Oil and Gas

YOUR MONEY-At tax time, gold ETFs punish investors

NEW YORK, April 16 (Reuters) - Were you one of the many who were wooed by a gold exchange-traded fund (ETF) in 2011? Did another commodity ETF catch your eye (and your money)? Now that it’s the season to calculate your capital gains and losses for tax purposes, you could be in for a major headache. And if you’re thinking of loading up on these shares now, be aware that you could be buying yourself that tax headache for a future tax season.

ETFs, for the most part, offer tax advantages over traditional mutual funds because they tend not to distribute taxable capital gains as frequently. When investors sell stock or bond ETF shares, the resulting gains and losses are typically straightforward to calculate. Long-term gains from a stock ETF are taxed at a maximum rate of 15 percent, just as they would be if they came from a mutual fund or from selling shares of individual companies.

But when you own ETFs holding precious metals, oil or other commodities, taxes can get more complex - and the tax hit may be a lot higher than you expect.

“It’s going to surprise people,” says Michael Iachini, managing director of ETF Research at Charles Schwab Investment Advisory.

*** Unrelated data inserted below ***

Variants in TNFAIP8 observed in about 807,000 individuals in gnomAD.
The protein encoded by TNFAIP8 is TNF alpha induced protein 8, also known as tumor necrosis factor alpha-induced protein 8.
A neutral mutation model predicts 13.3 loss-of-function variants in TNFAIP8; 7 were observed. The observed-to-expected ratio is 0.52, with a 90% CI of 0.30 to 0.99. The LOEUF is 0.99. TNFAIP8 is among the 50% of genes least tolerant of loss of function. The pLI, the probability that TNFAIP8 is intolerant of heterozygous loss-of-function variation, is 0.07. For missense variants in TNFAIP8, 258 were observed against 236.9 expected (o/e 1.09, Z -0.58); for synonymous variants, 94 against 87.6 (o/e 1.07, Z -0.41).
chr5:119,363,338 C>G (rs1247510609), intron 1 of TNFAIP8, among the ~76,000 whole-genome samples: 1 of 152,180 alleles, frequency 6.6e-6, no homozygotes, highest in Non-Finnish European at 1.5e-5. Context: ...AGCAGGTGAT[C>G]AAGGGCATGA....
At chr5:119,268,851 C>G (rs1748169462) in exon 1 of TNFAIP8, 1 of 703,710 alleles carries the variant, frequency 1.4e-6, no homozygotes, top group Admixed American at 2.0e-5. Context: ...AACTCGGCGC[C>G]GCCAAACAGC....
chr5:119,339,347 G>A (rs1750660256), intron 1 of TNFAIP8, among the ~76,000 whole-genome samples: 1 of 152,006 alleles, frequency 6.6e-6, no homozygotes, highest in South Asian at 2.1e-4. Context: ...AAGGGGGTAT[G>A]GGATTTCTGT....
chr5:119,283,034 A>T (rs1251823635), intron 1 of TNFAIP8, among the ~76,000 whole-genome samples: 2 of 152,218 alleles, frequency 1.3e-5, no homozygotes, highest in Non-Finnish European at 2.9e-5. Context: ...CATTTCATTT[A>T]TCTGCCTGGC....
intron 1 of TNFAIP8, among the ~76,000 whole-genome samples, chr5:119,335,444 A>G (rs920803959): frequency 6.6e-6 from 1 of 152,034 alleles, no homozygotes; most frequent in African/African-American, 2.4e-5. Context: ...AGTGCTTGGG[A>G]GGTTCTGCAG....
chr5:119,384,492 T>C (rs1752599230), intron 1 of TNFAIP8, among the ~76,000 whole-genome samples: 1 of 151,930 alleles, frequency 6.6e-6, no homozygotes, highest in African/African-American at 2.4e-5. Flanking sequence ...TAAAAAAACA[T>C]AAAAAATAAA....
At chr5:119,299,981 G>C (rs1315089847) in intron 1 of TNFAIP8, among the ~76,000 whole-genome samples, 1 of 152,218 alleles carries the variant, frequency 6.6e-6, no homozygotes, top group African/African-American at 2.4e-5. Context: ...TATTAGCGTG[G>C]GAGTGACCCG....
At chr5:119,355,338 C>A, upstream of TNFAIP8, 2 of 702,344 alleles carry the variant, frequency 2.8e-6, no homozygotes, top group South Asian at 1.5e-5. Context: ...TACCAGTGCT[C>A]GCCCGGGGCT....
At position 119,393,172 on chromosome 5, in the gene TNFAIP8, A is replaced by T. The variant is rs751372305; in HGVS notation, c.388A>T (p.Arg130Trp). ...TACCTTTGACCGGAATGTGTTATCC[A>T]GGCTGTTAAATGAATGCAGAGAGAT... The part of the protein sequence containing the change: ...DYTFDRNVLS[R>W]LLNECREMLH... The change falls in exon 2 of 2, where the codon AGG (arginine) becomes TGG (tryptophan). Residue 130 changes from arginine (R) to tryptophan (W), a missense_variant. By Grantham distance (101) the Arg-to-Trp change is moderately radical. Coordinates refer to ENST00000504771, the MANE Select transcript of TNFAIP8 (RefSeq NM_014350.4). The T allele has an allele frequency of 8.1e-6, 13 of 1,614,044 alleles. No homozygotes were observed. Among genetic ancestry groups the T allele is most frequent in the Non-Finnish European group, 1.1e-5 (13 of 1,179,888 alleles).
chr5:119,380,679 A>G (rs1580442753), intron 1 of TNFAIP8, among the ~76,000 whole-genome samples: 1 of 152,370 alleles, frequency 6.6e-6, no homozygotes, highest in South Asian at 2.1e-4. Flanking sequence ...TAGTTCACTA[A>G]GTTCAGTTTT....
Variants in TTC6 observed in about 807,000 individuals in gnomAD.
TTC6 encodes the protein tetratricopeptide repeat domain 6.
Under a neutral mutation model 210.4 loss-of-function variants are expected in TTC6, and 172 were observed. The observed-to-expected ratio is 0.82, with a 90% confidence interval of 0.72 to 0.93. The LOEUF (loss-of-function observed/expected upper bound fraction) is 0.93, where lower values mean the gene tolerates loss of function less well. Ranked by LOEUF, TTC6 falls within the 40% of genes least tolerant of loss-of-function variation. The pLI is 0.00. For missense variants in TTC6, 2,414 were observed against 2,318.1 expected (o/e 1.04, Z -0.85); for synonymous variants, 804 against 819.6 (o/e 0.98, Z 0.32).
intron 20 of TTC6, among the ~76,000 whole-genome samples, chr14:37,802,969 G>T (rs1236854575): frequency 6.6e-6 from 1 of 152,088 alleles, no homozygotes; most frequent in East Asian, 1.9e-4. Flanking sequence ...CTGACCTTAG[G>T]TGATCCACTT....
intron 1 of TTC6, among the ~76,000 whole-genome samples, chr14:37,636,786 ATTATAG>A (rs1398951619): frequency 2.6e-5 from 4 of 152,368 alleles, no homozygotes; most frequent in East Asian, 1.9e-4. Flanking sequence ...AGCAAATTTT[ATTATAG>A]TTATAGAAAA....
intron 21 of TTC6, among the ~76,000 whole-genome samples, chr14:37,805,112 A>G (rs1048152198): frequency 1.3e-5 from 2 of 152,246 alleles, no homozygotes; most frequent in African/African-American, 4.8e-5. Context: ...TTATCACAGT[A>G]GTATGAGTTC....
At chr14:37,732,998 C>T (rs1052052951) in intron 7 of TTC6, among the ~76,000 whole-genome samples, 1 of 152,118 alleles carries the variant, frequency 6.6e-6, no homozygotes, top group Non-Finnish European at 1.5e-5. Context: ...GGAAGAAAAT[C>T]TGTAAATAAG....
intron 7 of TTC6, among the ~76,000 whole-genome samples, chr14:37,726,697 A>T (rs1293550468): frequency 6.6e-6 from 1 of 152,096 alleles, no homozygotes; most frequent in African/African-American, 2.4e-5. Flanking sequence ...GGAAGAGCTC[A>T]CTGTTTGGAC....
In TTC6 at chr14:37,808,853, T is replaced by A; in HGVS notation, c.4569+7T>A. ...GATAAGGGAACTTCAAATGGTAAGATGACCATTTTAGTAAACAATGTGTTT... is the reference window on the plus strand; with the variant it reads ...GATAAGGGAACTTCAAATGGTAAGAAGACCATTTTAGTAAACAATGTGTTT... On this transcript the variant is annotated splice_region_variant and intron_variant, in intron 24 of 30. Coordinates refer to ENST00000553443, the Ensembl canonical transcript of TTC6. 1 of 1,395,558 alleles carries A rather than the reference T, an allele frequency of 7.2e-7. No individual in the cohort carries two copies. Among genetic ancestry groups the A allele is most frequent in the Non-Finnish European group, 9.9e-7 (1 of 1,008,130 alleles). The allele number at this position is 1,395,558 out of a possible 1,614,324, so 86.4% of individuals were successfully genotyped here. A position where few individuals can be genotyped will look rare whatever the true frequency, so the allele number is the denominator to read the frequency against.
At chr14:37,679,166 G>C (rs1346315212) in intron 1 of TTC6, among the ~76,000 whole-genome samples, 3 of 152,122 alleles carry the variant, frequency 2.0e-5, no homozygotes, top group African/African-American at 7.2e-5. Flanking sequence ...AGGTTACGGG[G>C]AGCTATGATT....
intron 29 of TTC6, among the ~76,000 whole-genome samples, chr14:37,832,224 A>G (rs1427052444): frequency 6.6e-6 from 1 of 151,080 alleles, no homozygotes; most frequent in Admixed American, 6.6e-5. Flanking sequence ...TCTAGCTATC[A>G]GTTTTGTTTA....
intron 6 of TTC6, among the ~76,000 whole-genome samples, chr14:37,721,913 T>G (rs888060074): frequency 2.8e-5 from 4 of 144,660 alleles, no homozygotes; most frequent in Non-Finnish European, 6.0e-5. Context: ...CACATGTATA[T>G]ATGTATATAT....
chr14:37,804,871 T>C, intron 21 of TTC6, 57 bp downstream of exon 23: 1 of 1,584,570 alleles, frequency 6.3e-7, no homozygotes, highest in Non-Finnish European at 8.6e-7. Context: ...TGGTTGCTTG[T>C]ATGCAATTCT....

Here’s what you need to know:


Gold, silver and other metals are considered collectibles like art or stamps for tax purposes, which means they are taxed at the special collectibles tax rate of 28 percent. (That’s the long-term rate; short-term gains are taxed at income-tax rates just like other short-term capital gains.)

That tax quirk applies to ETFs if they own the underlying gold bullion - as do many popular ETFs, including SPDR Gold Shares and iShares Gold Trust, with a combined $78 billion in assets. Ouch! That means that if you made a long-term gain of $10,000 on a basic stock ETF and have no offsetting losses, you would pay $1,500 in federal taxes. The same gain in a gold bullion ETF would be $2,800.

These ETFs also may need to sell some of their holdings to pay operating expenses. If that happens, even though shareholders receive no distributions, they will still be taxed on any gains realized when that bullion got sold, and it will also be taxed at that special collectibles rate.

As with any other taxable gain, you will need to determine your cost basis - the starting price in the investment for tax purposes - on each of those sales. For these funds, you will receive 1099 forms that report your sales for tax purposes.

“We’ve seen a lot of gold ETFs this year, and we’re pulling out the last few hairs we have over them,” said Bill Fleming, a managing director in the personal financial services practice of PricewaterhouseCoopers. “A lot of ETFs have quarterly or monthly dispositions to pay for expenses. All of these are small dollar amounts, but you still have to figure out what your cost basis is.”

An added paperwork complexity, Fleming notes, is that the new Form 8949, used to report capital gains and losses on your tax return to account for the new cost-basis rules, has no 28 percent column. You will still need to report those gains, figuring them on the 28 percent worksheet. All capital gains and losses information ultimately goes on Schedule D.